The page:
Thank you, Mr. President. And we want to thank you for allowing us to have this prompt meeting, as it’s very urgent. And we also want to thank the Ambassador of Egypt and his team for the steady hand and the calm way in which he lead in this past month.
For more than 20 years, this Security Council has taken actions against North Korea’s nuclear program. And for more than 20 years, North Korea has defied our collective voice. It’s worth taking a few moments to recount some of the history.
In 1993, the Council approved Resolution 825 calling on North Korea to remain in the Nonproliferation Treaty. That didn’t work. North Korea withdrew from the treaty and continued its nuclear pursuit.
In 2006, the Six Party Talks faltered, and North Korea conducted several ballistic missile launches. That led to Resolution 1695 condemning them.
The same year, North Korea conducted its first nuclear test. That led to Resolution 1718, establishing a UN sanctions regime, aiming to stop all nuclear, ballistic missile, and other weapons of mass destruction programs.
After Six Party Talks fell apart again in 2009, North Korea conducted additional missile launches and its second nuclear test. That led to Resolution 1874, which expanded sanctions, including an arms embargo and cargo inspection obligations.
In 2012, the Leap Day Deal failed, and North Korea conducted two new space launches. The Security Council responded with the adoption of Resolution 2087.
Following North Korea’s third nuclear test in 2013, the Council adopted Resolution 2094, expanding sanctions to restrict financial, maritime, aviation, and diplomatic activities.
By 2016, North Korea had conducted its fourth nuclear test and another space launch. They followed that with more missile launches. In response, the Council adopted multiple resolutions expanding sanctions even further, targeting whole sectors of North Korea’s economy.
Finally, this year, the Council got even more serious.
First, we adopted Resolution 2356 designating high-ranking North Korean government officials and the military’s Strategic Rocket Forces Command for individual sanctions. Then, just last month, after the regime’s first two ICBM launches, we adopted Resolution 2371 – the strongest sanctions we have ever imposed on North Korea.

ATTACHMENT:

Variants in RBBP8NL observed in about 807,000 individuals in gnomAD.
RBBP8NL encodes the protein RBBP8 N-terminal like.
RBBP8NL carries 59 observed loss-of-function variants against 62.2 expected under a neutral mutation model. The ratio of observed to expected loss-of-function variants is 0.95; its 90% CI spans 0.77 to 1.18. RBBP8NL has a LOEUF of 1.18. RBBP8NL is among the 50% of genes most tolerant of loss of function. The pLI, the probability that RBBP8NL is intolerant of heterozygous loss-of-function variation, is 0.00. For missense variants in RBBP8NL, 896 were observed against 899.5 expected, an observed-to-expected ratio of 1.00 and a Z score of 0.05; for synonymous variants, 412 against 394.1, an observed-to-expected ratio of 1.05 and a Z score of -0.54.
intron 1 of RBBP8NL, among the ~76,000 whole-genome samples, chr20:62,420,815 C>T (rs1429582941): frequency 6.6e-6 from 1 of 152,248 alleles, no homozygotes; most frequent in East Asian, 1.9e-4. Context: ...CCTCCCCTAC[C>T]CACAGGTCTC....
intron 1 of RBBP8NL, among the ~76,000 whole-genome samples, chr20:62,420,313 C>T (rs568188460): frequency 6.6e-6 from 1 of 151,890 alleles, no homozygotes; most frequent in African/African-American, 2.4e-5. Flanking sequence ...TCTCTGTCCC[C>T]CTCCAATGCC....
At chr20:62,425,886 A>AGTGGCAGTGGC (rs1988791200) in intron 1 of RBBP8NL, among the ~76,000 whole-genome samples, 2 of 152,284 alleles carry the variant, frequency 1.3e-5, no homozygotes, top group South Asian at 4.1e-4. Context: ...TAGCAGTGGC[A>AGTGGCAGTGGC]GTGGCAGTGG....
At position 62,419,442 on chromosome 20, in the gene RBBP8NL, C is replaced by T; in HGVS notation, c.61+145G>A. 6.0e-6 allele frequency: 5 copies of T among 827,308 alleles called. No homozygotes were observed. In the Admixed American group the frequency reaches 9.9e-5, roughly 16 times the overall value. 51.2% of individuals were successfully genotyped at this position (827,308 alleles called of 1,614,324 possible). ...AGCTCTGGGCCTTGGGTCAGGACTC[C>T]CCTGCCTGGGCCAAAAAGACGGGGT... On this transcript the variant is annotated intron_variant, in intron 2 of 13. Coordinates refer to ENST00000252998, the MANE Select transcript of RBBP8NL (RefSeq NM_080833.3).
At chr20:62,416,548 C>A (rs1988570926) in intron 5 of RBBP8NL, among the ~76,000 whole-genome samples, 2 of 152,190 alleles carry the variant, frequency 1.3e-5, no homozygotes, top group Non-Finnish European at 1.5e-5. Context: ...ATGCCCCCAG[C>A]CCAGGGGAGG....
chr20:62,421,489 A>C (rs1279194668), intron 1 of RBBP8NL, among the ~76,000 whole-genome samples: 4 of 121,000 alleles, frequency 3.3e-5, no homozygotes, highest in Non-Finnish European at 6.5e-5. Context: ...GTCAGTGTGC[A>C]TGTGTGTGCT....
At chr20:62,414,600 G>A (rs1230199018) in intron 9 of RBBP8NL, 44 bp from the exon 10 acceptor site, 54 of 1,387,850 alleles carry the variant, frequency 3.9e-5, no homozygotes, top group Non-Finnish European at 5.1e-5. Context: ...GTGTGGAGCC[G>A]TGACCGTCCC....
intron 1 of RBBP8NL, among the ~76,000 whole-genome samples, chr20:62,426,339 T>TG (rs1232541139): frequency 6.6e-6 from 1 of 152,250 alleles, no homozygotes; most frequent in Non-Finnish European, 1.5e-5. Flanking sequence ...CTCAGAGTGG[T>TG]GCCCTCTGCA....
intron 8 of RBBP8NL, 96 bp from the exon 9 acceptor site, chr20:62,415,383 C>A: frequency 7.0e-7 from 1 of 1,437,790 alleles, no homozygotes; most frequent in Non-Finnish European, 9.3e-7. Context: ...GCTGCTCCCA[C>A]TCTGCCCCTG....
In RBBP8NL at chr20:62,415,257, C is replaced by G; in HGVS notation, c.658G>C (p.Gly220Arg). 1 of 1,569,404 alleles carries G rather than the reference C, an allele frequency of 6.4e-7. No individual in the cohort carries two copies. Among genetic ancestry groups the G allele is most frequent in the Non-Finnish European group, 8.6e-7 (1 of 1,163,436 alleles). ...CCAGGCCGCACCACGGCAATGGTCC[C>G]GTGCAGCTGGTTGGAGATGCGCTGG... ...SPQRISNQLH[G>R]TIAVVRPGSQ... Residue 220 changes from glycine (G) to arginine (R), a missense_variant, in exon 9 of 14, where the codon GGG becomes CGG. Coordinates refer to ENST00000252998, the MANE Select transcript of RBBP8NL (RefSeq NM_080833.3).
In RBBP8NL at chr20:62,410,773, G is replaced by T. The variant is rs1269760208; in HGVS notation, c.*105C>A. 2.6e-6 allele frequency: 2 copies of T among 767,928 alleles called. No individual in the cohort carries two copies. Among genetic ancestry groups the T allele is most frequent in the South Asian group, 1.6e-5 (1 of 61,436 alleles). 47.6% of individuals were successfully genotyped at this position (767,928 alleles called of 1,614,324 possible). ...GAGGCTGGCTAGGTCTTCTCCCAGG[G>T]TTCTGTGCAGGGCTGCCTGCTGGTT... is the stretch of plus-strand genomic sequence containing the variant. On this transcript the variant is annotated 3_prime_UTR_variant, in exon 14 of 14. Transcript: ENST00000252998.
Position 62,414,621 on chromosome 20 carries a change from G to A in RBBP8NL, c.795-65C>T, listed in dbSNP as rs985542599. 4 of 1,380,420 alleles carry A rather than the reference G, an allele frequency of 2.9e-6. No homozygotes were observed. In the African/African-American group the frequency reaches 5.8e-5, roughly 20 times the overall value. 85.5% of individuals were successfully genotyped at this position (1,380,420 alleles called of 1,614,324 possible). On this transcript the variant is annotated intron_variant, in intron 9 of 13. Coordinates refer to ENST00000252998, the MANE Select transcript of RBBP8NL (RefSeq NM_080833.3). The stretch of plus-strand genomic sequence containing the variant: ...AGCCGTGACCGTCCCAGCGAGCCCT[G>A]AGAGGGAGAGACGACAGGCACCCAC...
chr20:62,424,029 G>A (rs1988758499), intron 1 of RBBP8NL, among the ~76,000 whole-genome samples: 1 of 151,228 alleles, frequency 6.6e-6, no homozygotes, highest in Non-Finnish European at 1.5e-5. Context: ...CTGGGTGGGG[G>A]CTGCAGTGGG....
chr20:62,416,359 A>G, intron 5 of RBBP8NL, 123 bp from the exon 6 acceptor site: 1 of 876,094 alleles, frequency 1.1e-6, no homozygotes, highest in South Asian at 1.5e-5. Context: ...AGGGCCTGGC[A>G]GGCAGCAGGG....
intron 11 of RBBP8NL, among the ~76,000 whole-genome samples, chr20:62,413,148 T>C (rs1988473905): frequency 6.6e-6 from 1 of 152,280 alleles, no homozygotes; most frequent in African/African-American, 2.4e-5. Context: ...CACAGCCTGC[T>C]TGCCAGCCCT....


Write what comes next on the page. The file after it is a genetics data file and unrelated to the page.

That resolution banned North Korean exports of coal, iron, and seafood, and imposed several other measures that will significantly cut off the revenues needed to fund their nuclear program.
Why did I take the time to go through this history?
To make this point. The United Nations Security Council has spoken with unusual unity and consistency on North Korea. That’s a good thing. Along the way, there have been problems with implementation, and the Council has at times been too slow and too weak; but this is not a situation in which we have allowed divisions among us to stop any action.
Still, here we are.
Despite our efforts over the past 24 years, the North Korean nuclear program is more advanced and more dangerous than ever. They now fire missiles over Japanese air space. They now have ICBM capabilities.
They now claim to have tested a hydrogen bomb. And just this morning, there are reports that the regime is preparing for yet another ICBM launch.
To the members of the Security Council, I must say, “enough is enough.”
We have taken an incremental approach, and despite the best of intentions, it has not worked.
Members of this Council will no doubt urge negotiations and a return to talks. But as I have just outlined, we have engaged in numerous direct and multilateral talks with the North Korean regime, and time after time, they have not worked.
The time for half measures in the Security Council is over. The time has come to exhaust all of our diplomatic means, before it’s too late.
We must now adopt the strongest possible measures.
Kim Jong-Un’s action cannot be seen as defensive. He wants to be acknowledged as a nuclear power. But being a nuclear power is not about using those terrible weapons to threaten others. Nuclear powers understand their responsibilities. Kim Jong-Un shows no such understanding.
His abusive use of missiles, and his nuclear threats show that he is begging for war. War is never something the United States wants. We don’t want it now. But our country’s patience is not unlimited. We will defend our allies and our territory.
The idea that some have suggested of a so-called freeze-for-freeze is insulting. When a rogue regime has a nuclear weapon and an ICBM pointed at you, you do not take steps to lower your guard. No one would do that. We certainly won’t.
The time has come to exhaust all diplomatic means to end this crisis, and that means quickly enacting the strongest possible measures here in the UN Security Council. Only the strongest sanctions will enable us to resolve this problem through diplomacy. We have kicked the can down the road long enough. There is no more road left.
This crisis goes well beyond the UN. The United States will look at every country that does business with North Korea as a country that is giving aid to their reckless and dangerous nuclear intentions.
And what we do on North Korea will have a real impact on how other outlaw nations who seek nuclear weapons choose to conduct themselves in the future.
The stakes could not be higher. The urgency is now.
Twenty-four years of half measures and failed talks is enough. Thank you.